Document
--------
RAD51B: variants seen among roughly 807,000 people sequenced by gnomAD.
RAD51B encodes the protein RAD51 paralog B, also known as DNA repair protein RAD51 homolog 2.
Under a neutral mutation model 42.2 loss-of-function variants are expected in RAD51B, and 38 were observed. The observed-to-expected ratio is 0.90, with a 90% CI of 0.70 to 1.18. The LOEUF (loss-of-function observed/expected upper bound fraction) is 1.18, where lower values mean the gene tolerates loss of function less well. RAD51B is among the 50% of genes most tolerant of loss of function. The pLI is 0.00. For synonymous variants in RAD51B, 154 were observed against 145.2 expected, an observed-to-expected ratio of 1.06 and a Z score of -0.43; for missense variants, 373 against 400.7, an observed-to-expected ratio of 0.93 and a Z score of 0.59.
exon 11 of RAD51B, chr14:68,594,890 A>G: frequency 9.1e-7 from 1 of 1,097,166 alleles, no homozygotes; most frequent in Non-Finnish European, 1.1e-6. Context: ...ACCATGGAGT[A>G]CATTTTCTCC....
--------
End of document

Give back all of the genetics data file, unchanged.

RAD51B: variants seen among roughly 807,000 people sequenced by gnomAD.
RAD51B encodes the protein RAD51 paralog B, also known as DNA repair protein RAD51 homolog 2.
Under a neutral mutation model 42.2 loss-of-function variants are expected in RAD51B, and 38 were observed. The observed-to-expected ratio is 0.90, with a 90% CI of 0.70 to 1.18. The LOEUF (loss-of-function observed/expected upper bound fraction) is 1.18, where lower values mean the gene tolerates loss of function less well. RAD51B is among the 50% of genes most tolerant of loss of function. The pLI is 0.00. For synonymous variants in RAD51B, 154 were observed against 145.2 expected, an observed-to-expected ratio of 1.06 and a Z score of -0.43; for missense variants, 373 against 400.7, an observed-to-expected ratio of 0.93 and a Z score of 0.59.
exon 11 of RAD51B, chr14:68,594,890 A>G: frequency 9.1e-7 from 1 of 1,097,166 alleles, no homozygotes; most frequent in Non-Finnish European, 1.1e-6. Context: ...ACCATGGAGT[A>G]CATTTTCTCC....